BELMONT, Mass. — On Thursday, December 13, almost exactly 30 years after the devastation of the earthquake in northern Armenia, some of the people who first responded to that disaster gathered at the First Armenian Church to share an overview of what motivated them as well as the logistics of sending aid to their brothers and sisters so far away.
The program was cosponsored by the First Armenian Church and the National Association for Armenian Studies and Research (NAASR) / Calouste Gulbenkian Foundation Lecture Series on Contemporary Armenian Issues.
One focus of the evening, the brainchild of retired Boston Globe Pulitzer Prize-winning investigative journalist Stephen Kurkjian, was not only the disaster and the response, but the changes that resulted from the collision of the need of the people in Armenia and the immediate response from people around the world, Armenian and non, and how they not only changed relations between Armenia and the diaspora forever, but possibly put the final nail in the coffin of the Soviet Union.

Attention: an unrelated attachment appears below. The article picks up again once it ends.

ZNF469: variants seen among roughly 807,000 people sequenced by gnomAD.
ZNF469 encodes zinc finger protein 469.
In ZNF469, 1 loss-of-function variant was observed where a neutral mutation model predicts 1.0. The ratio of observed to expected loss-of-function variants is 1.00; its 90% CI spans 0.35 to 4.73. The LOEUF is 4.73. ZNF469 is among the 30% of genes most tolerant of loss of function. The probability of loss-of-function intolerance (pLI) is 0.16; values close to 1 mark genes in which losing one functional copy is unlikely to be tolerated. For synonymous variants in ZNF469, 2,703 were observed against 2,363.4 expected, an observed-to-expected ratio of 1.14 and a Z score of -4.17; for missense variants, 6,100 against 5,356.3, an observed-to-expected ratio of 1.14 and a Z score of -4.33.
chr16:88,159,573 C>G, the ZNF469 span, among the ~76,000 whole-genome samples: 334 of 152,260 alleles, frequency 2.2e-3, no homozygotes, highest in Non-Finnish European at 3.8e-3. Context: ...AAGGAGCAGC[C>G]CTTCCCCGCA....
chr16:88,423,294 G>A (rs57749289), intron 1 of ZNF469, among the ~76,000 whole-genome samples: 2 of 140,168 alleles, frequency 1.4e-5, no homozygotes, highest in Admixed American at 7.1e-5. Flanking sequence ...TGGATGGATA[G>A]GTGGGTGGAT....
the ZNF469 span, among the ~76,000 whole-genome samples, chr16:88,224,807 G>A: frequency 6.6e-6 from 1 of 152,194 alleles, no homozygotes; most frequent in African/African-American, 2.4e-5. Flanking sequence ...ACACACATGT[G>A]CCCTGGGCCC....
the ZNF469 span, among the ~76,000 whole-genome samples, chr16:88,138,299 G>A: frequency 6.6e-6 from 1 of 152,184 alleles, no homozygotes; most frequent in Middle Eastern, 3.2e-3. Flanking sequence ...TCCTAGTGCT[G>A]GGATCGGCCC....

He wrote a lengthy piece about the many firsts that happened as a result of the earthquake aid heading from the US. (See https://mirrorspectator.com/2018/09/13/the-untold-story-the-earthqVuake-that-shook-armenia-the-relief-effort-that-changed-the-world/)
The program featured a trio of women who had taken part in organizing the first wave of aid. They were Dr. Carolann Najarian, who had founded Armenian Health Alliance, Elaine Kasparian who cofounded the Armenian Children’s Milk Fund under the aegis of the Armenian Missionary Association of America, and Michele Simourian, who also headed up the relief projects for the Armenian Missionary Association of America. (Her husband’s involvement at her urging was explored in the second part of the program.)
Remembering Harrowing Times